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School of Resource and Environmental Management | Faculty of Environment Simon Fraser University Calendar | Fall 2019

Resource and Environmental Management

Master of Resource Management (Planning)

The master of resource management (planning) program is distinctive in Canada because of its focus on the policy, economic, and environmental science aspects of natural resource and environmental planning. The program is accredited by the Canadian Institute of Planners (CIP) and the Planning Institute of British Columbia. An MRM (Planning) graduate is eligible for candidate membership to become a certified professional planner and may enjoy improved employment prospects, conference and workshop participation, and access to professional development programs.

Admission Requirements

Applicants must satisfy the University admission requirements as stated in Graduate General Regulations 1.3 in the SFU Calendar. Those with degree qualifications in fields not directly related but with extensive experience in resource management are encouraged to apply.

Applicants will vary in their preparation for the various disciplines in the school. Students must be familiar with the material covered in an undergraduate course in parametric and non-parametric statistics. Detailed application information, including the application deadline, can be found on the department's website:

Program Requirements

This program consists of required courses, an elective course, and a research project for a minimum of 57 units.

Students complete the following courses

REM 601 - Social Science of Natural Resources Management (5)

An introduction to the relevance of social science perspectives, data and analytical tools in resource management, especially as these complement, supplement or critique perspectives from natural science or economics. Equivalent Courses: MRM601.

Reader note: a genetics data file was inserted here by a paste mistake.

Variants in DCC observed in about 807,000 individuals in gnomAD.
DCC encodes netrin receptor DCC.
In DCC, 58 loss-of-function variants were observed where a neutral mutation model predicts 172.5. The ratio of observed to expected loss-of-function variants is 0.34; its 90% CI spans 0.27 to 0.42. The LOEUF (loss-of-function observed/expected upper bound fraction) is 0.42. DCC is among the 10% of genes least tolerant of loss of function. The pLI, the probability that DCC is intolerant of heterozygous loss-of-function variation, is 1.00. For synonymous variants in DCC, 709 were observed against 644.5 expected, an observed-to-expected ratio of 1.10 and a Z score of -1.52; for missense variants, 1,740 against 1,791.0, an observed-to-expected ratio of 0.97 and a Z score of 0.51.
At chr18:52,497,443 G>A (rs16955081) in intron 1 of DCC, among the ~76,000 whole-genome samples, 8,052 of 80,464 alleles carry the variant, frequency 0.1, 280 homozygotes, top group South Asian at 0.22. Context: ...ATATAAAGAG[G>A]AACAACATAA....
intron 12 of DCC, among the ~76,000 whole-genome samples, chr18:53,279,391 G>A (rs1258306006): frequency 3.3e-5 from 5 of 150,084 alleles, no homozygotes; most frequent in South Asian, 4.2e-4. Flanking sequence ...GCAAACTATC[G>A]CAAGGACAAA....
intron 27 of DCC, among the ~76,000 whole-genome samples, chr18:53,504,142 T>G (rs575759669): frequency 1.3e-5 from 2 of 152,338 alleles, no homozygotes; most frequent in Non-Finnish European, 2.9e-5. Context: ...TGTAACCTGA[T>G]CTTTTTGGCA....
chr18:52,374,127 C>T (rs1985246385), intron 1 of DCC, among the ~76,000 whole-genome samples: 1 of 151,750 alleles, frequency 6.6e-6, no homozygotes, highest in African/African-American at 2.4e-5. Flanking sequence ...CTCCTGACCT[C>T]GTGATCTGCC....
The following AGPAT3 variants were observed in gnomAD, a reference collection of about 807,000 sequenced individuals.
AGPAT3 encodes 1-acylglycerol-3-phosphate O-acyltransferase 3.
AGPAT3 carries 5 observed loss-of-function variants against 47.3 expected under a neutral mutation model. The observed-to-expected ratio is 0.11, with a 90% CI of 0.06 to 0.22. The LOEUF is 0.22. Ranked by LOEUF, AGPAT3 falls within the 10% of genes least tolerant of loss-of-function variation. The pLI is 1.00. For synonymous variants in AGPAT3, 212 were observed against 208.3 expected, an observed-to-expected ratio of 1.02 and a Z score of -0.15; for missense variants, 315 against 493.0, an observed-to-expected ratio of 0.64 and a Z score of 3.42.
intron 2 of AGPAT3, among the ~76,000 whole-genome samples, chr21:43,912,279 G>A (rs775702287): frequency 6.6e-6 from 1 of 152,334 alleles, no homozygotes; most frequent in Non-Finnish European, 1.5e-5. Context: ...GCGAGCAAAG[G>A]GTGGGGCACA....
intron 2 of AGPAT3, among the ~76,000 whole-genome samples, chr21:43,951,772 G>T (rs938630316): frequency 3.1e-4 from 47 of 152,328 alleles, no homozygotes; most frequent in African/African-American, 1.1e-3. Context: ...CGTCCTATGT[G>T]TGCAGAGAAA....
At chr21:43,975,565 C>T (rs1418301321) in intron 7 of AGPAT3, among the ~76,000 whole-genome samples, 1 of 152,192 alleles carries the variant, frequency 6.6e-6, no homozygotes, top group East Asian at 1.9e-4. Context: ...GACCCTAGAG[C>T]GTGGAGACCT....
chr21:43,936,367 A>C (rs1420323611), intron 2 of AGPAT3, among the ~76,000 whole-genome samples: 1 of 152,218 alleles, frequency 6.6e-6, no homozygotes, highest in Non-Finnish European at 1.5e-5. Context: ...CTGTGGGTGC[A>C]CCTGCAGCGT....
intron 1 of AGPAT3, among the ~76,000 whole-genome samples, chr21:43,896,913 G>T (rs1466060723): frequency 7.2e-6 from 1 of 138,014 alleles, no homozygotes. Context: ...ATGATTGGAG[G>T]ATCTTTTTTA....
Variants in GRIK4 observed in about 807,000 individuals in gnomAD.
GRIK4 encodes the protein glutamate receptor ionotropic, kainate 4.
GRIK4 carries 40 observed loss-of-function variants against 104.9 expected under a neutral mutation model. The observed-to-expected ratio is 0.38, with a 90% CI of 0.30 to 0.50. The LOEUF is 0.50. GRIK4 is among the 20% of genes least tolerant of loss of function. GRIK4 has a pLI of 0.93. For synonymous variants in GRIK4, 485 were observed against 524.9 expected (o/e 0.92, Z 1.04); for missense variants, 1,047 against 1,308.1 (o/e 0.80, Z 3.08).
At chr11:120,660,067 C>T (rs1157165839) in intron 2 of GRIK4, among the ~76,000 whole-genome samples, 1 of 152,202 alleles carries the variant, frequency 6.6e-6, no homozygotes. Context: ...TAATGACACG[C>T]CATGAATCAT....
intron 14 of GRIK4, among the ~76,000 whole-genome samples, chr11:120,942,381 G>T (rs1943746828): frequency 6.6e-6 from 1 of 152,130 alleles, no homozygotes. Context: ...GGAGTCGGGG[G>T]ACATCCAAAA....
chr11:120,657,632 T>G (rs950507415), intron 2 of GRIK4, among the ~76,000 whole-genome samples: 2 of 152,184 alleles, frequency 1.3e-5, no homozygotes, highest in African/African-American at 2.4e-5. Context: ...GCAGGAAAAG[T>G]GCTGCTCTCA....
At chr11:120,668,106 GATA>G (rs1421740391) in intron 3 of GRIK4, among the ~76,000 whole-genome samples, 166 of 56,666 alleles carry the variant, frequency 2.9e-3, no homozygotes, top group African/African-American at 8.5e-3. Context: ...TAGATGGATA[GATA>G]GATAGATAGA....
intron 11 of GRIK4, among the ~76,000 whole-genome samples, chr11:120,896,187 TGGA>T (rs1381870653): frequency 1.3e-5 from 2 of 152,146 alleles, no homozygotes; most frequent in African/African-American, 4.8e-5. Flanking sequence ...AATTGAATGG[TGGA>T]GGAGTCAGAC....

REM 602 - Professional Planning Practice: Advanced Seminar (5)

A professional planning seminar covering planning practice and planning ethics. This course includes an internship requirement. Prerequisite: Eight REM courses or permission of instructor.

REM 611 - Population and Community Ecology (5)

A review of population, community, and ecosystem ecology; implications of these areas for methods of resource management and environmental assessment. Equivalent Courses: MRM611.

Section Instructor Day/Time Location
G100 Mo, We 10:30 AM – 12:20 PM
WMC 2532, Burnaby
REM 621 - Ecological Economics (5)

Introduction to economic concepts for management of the environment and specific natural resources. Key issues are definitions of sustainability, the substitution capability between human-made and natural capital, and the appropriate application of economics to sustainable development analysis and policies. Equivalent Courses: MRM621 MRM662.

Section Instructor Day/Time Location
G100 Tu, Th 10:30 AM – 12:20 PM
AQ 2104, Burnaby
REM 631 - Earth Systems and Global Change in Environmental Management (5)

Reviews how human and natural processes across earth systems and over a range of scales interact to affect the hydrological cycle, climate, and land surface processes that are relevant to resource management. Equivalent Courses: MRM631.

REM 641 - Environmental and Planning Law (5)